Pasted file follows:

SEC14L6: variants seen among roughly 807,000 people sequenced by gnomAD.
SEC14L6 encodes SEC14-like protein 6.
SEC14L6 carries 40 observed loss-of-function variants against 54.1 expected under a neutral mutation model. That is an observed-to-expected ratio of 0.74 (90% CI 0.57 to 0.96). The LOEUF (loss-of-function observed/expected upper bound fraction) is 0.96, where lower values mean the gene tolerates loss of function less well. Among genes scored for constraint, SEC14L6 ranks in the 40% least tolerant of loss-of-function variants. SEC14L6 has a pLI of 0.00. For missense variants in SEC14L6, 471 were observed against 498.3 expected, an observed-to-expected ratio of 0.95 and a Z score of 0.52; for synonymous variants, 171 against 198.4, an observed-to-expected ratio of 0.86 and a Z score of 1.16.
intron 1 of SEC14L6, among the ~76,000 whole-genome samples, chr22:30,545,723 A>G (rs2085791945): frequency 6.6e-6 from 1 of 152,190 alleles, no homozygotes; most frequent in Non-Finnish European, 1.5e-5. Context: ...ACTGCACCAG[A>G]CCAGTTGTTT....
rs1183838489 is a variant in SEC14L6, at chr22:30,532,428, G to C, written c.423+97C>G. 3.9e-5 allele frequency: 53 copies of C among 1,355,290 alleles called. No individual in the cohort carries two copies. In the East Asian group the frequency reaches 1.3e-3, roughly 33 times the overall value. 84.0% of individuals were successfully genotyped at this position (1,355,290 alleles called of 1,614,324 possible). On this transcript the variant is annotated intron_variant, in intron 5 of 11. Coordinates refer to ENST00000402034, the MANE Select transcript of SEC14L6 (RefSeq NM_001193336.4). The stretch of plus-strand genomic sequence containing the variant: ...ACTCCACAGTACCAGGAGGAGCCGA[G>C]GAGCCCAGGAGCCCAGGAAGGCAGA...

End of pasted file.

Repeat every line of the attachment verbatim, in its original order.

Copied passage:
SEC14L6: variants seen among roughly 807,000 people sequenced by gnomAD.
SEC14L6 encodes SEC14-like protein 6.
SEC14L6 carries 40 observed loss-of-function variants against 54.1 expected under a neutral mutation model. That is an observed-to-expected ratio of 0.74 (90% CI 0.57 to 0.96). The LOEUF (loss-of-function observed/expected upper bound fraction) is 0.96, where lower values mean the gene tolerates loss of function less well. Among genes scored for constraint, SEC14L6 ranks in the 40% least tolerant of loss-of-function variants. SEC14L6 has a pLI of 0.00. For missense variants in SEC14L6, 471 were observed against 498.3 expected, an observed-to-expected ratio of 0.95 and a Z score of 0.52; for synonymous variants, 171 against 198.4, an observed-to-expected ratio of 0.86 and a Z score of 1.16.
intron 1 of SEC14L6, among the ~76,000 whole-genome samples, chr22:30,545,723 A>G (rs2085791945): frequency 6.6e-6 from 1 of 152,190 alleles, no homozygotes; most frequent in Non-Finnish European, 1.5e-5. Context: ...ACTGCACCAG[A>G]CCAGTTGTTT....
rs1183838489 is a variant in SEC14L6, at chr22:30,532,428, G to C, written c.423+97C>G. 3.9e-5 allele frequency: 53 copies of C among 1,355,290 alleles called. No individual in the cohort carries two copies. In the East Asian group the frequency reaches 1.3e-3, roughly 33 times the overall value. 84.0% of individuals were successfully genotyped at this position (1,355,290 alleles called of 1,614,324 possible). On this transcript the variant is annotated intron_variant, in intron 5 of 11. Coordinates refer to ENST00000402034, the MANE Select transcript of SEC14L6 (RefSeq NM_001193336.4). The stretch of plus-strand genomic sequence containing the variant: ...ACTCCACAGTACCAGGAGGAGCCGA[G>C]GAGCCCAGGAGCCCAGGAAGGCAGA...